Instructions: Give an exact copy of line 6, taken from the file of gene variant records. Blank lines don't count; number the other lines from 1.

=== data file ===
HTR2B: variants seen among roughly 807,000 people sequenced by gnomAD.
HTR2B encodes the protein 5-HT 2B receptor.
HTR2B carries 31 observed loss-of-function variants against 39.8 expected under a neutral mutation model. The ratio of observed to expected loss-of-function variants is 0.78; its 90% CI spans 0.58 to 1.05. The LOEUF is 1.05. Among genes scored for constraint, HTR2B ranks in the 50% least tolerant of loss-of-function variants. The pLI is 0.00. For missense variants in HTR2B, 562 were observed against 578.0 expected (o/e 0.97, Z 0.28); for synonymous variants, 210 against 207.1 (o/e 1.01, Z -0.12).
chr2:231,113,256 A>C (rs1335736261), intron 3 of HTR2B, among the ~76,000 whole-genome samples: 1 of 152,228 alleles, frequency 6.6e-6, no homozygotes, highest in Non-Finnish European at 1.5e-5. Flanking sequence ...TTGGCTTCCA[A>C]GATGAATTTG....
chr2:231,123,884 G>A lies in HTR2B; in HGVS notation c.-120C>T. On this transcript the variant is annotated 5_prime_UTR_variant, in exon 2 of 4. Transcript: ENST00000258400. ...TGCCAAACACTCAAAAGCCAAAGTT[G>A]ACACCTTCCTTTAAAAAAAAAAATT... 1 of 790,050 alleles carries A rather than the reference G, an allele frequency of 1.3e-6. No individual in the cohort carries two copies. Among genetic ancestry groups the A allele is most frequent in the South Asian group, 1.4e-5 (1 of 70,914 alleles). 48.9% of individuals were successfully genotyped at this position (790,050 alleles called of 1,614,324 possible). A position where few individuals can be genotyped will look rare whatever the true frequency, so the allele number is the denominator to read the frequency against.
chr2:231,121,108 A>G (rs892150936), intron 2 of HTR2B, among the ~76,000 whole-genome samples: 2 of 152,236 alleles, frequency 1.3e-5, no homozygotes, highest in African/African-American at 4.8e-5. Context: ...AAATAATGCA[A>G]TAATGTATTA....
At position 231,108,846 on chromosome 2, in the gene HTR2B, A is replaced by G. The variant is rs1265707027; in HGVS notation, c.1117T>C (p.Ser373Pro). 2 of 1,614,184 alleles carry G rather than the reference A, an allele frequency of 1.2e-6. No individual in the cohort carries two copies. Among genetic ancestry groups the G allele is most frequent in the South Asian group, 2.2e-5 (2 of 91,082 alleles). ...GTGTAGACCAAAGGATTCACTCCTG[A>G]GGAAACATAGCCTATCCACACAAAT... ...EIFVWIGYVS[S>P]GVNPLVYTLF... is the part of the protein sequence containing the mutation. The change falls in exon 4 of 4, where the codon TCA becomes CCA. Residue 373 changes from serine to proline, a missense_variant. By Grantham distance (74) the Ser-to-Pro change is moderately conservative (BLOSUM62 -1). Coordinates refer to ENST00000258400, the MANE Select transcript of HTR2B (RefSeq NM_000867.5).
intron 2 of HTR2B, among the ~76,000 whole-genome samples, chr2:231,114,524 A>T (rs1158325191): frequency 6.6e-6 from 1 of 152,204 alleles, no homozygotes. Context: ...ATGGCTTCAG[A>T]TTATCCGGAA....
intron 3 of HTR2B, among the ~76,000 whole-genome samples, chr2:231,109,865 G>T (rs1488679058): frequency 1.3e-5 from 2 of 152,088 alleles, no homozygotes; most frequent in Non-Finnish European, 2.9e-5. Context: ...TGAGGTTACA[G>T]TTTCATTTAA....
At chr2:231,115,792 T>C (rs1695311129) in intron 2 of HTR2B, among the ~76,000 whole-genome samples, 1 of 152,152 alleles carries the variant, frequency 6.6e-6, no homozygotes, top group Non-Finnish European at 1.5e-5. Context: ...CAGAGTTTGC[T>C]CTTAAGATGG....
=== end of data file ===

chr2:231,121,108 A>G (rs892150936), intron 2 of HTR2B, among the ~76,000 whole-genome samples: 2 of 152,236 alleles, frequency 1.3e-5, no homozygotes, highest in African/African-American at 4.8e-5. Context: ...AAATAATGCA[A>G]TAATGTATTA....